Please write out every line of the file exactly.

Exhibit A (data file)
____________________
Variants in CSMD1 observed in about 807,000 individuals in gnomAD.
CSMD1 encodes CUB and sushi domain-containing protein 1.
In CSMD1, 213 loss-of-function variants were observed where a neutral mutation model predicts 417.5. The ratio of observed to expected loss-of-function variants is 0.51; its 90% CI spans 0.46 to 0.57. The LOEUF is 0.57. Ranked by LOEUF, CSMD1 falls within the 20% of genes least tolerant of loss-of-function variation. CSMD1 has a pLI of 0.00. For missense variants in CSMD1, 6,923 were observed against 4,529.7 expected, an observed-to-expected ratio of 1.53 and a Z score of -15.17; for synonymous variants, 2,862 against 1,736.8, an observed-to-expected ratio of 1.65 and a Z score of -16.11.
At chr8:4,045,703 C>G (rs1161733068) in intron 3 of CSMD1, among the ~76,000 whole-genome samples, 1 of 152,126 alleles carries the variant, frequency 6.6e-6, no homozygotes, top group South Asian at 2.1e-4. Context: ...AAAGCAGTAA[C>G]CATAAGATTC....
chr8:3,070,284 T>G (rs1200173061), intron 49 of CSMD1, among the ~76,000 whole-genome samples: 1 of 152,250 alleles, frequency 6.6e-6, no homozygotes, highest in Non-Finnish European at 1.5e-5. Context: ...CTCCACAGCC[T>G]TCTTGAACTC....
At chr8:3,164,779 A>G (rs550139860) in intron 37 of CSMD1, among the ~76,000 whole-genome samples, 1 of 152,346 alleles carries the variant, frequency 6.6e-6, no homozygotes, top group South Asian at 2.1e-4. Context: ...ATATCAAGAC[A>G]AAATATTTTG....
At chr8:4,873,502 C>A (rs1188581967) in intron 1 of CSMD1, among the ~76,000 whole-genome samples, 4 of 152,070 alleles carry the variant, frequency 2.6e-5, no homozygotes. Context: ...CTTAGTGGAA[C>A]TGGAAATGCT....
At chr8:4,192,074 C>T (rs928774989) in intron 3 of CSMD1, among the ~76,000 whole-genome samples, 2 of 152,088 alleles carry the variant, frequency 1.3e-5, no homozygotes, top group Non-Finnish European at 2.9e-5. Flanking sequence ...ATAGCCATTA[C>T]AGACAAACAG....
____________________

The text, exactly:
Variants in CSMD1 observed in about 807,000 individuals in gnomAD.
CSMD1 encodes CUB and sushi domain-containing protein 1.
In CSMD1, 213 loss-of-function variants were observed where a neutral mutation model predicts 417.5. The ratio of observed to expected loss-of-function variants is 0.51; its 90% CI spans 0.46 to 0.57. The LOEUF is 0.57. Ranked by LOEUF, CSMD1 falls within the 20% of genes least tolerant of loss-of-function variation. CSMD1 has a pLI of 0.00. For missense variants in CSMD1, 6,923 were observed against 4,529.7 expected, an observed-to-expected ratio of 1.53 and a Z score of -15.17; for synonymous variants, 2,862 against 1,736.8, an observed-to-expected ratio of 1.65 and a Z score of -16.11.
At chr8:4,045,703 C>G (rs1161733068) in intron 3 of CSMD1, among the ~76,000 whole-genome samples, 1 of 152,126 alleles carries the variant, frequency 6.6e-6, no homozygotes, top group South Asian at 2.1e-4. Context: ...AAAGCAGTAA[C>G]CATAAGATTC....
chr8:3,070,284 T>G (rs1200173061), intron 49 of CSMD1, among the ~76,000 whole-genome samples: 1 of 152,250 alleles, frequency 6.6e-6, no homozygotes, highest in Non-Finnish European at 1.5e-5. Context: ...CTCCACAGCC[T>G]TCTTGAACTC....
At chr8:3,164,779 A>G (rs550139860) in intron 37 of CSMD1, among the ~76,000 whole-genome samples, 1 of 152,346 alleles carries the variant, frequency 6.6e-6, no homozygotes, top group South Asian at 2.1e-4. Context: ...ATATCAAGAC[A>G]AAATATTTTG....
At chr8:4,873,502 C>A (rs1188581967) in intron 1 of CSMD1, among the ~76,000 whole-genome samples, 4 of 152,070 alleles carry the variant, frequency 2.6e-5, no homozygotes. Context: ...CTTAGTGGAA[C>A]TGGAAATGCT....
At chr8:4,192,074 C>T (rs928774989) in intron 3 of CSMD1, among the ~76,000 whole-genome samples, 2 of 152,088 alleles carry the variant, frequency 1.3e-5, no homozygotes, top group Non-Finnish European at 2.9e-5. Flanking sequence ...ATAGCCATTA[C>T]AGACAAACAG....